ROCKDALE, Texas (KXAN) — It’s what Danielle Donnelly-Kerlin calls a “good day”:
“The water doesn’t smell as strong as normal and it’s clear,” she said.
Donnelly-Kerlin has lived in Rockdale since she was a freshman in high school and can’t remember a time there wasn’t red water — what she calls “the bad days.”
“It’s everywhere. I mean, you turn on the water faucet in the kitchen and it looks like coffee,” she said.
About once a month — Donnelly-Kerlin never knows when — her shower or sink spews putrid red water. Bottled water has become a household staple.
“The number one thing that a city offers that is absolutely dire for survival is water and we can’t use it,” she said.
Rockdale City Manager Chris Whittaker says most of the pipes, especially on the east side of town, are original 1902 cast iron.
“It’s a combination of the rusting pipe, it’s the high iron and magnesium in the water and it’s dead-end pipes. So when all that stuff is in the pipes, it all gets pushed to the dead end. Well when you flush it or have a water main break, then it stirs it up until it gets flushed out,” Whittaker said.
Rockdale’s aging water infrastructure is also traced back to a 70-year-old water treatment plant and a cracking clay sewer line.
“We have been doing improvements over the years,” Whittaker said. “It’s been slow and incremental, we got rid of some of the cast iron pipe and put in the new 900 series PVC pipe. We’ve got community development block grants from the state and federal government.”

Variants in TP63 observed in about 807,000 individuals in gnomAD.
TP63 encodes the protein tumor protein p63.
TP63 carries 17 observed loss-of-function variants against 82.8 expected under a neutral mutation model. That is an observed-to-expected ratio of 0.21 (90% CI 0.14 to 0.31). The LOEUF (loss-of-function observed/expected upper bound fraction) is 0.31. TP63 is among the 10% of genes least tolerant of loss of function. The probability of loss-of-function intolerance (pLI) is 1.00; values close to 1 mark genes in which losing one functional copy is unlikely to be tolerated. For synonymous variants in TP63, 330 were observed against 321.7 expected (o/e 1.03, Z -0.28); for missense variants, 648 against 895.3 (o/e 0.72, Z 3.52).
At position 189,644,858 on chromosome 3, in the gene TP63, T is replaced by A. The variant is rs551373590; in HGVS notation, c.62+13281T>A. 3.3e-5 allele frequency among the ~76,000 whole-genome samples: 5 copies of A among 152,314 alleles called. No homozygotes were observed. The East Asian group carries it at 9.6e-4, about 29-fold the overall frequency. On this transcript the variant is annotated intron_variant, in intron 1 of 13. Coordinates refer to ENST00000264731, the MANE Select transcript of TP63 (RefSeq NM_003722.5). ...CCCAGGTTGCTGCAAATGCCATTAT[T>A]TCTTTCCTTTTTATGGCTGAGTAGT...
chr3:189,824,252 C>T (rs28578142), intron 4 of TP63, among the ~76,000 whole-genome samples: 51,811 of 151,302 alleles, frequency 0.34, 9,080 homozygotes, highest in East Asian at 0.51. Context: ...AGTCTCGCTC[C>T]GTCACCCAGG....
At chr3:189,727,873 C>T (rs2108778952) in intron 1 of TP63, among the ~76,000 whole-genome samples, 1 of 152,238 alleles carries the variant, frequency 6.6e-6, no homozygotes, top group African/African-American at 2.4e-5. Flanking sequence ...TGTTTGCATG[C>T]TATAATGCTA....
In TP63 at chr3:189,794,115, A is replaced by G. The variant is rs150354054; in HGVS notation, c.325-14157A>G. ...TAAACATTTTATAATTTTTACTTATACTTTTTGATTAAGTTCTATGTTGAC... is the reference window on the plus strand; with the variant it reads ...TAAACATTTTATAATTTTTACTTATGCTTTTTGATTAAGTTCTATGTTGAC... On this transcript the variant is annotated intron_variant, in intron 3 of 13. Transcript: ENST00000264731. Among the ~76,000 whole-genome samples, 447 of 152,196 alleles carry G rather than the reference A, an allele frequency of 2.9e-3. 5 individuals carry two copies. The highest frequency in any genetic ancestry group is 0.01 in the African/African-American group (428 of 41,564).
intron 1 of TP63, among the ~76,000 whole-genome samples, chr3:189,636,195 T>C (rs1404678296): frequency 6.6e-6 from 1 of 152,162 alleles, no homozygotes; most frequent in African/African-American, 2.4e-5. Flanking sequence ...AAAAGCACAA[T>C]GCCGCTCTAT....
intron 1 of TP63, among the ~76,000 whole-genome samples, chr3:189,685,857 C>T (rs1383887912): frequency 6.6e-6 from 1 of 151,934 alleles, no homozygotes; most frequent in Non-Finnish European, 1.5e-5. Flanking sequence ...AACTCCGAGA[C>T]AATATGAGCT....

Those grants are only about $300,000, only enough to fix one city block of pipe, Whittaker says. “We’re just kind of chunking at it one at a time,” he added.
In order to replace and upgrade all 28 miles of pipe and fix other crucial improvements related to the water, Whittaker’s new proposal would cost roughly $44 million.
“At the end of the day, it’s not just going to happen just because we say, ‘Alright let’s go fix this.’ Its, are we going to raise the water rate or the sewer rate? I have several options for city council to look at,” Whittaker said. “The residents expect it to get fixed.”
It’s more money that may be passed on to the taxpayers like Donnelly-Kerlin. “We pay a rate of $0.91 per hundred dollars. That is our tax rate that is insane in this town. Don’t talk about raising rates when you already have rates through the roof,” she said.
As for safety of the red water, the Texas Commission on Environmental Quality (TCEQ) says the water is in compliance.
However, Donnelly-Kerlin found reports from the Environmental Working Group (EWG) that say otherwise. “Three contaminants that are cancer causing agents have tested positive repeatedly for that in Rockdale water,” she said.
The three are traces of dibromochloromethane, radiological contaminants and total trihalomethanes.
“I just want my kids to be able to take a bath,” Donnelly-Kerlin said.
Whittaker has put together an extensive proposal on updating the pipes and infrastructure which he will present to city councilors next week. Council members may end up only approving part of the entire plan. Whatever is approved will then have to be sent to the Texas Water Development Board and Rockdale will have to find a way to pay for it.
“It’s a multi-year project. You have to hire the engineers and have them figure out what their own timeline is,” Whittaker said.
After years of dealing with the “bad red water days,” Donnelly-Kerlin is skeptical anything will change. “I’ll believe it when I see it.”